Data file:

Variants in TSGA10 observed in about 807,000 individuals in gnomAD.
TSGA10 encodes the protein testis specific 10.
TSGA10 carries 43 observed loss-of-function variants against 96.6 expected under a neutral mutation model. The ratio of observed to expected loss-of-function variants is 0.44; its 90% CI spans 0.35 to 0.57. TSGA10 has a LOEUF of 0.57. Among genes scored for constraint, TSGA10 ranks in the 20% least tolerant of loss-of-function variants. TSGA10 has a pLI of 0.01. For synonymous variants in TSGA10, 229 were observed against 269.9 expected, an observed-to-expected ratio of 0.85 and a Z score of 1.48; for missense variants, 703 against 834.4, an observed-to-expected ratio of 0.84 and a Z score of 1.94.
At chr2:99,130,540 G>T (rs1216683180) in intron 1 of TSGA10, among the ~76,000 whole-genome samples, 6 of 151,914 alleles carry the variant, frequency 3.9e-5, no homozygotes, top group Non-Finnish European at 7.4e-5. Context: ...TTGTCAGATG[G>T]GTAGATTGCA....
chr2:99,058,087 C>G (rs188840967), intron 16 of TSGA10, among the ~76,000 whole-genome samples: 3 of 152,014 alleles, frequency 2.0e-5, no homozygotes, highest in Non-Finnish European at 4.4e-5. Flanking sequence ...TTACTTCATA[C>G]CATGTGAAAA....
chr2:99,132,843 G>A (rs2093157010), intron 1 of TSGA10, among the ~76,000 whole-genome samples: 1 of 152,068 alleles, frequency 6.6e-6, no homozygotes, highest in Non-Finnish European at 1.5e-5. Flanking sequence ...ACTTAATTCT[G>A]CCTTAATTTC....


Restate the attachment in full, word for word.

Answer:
Variants in TSGA10 observed in about 807,000 individuals in gnomAD.
TSGA10 encodes the protein testis specific 10.
TSGA10 carries 43 observed loss-of-function variants against 96.6 expected under a neutral mutation model. The ratio of observed to expected loss-of-function variants is 0.44; its 90% CI spans 0.35 to 0.57. TSGA10 has a LOEUF of 0.57. Among genes scored for constraint, TSGA10 ranks in the 20% least tolerant of loss-of-function variants. TSGA10 has a pLI of 0.01. For synonymous variants in TSGA10, 229 were observed against 269.9 expected, an observed-to-expected ratio of 0.85 and a Z score of 1.48; for missense variants, 703 against 834.4, an observed-to-expected ratio of 0.84 and a Z score of 1.94.
At chr2:99,130,540 G>T (rs1216683180) in intron 1 of TSGA10, among the ~76,000 whole-genome samples, 6 of 151,914 alleles carry the variant, frequency 3.9e-5, no homozygotes, top group Non-Finnish European at 7.4e-5. Context: ...TTGTCAGATG[G>T]GTAGATTGCA....
chr2:99,058,087 C>G (rs188840967), intron 16 of TSGA10, among the ~76,000 whole-genome samples: 3 of 152,014 alleles, frequency 2.0e-5, no homozygotes, highest in Non-Finnish European at 4.4e-5. Flanking sequence ...TTACTTCATA[C>G]CATGTGAAAA....
chr2:99,132,843 G>A (rs2093157010), intron 1 of TSGA10, among the ~76,000 whole-genome samples: 1 of 152,068 alleles, frequency 6.6e-6, no homozygotes, highest in Non-Finnish European at 1.5e-5. Flanking sequence ...ACTTAATTCT[G>A]CCTTAATTTC....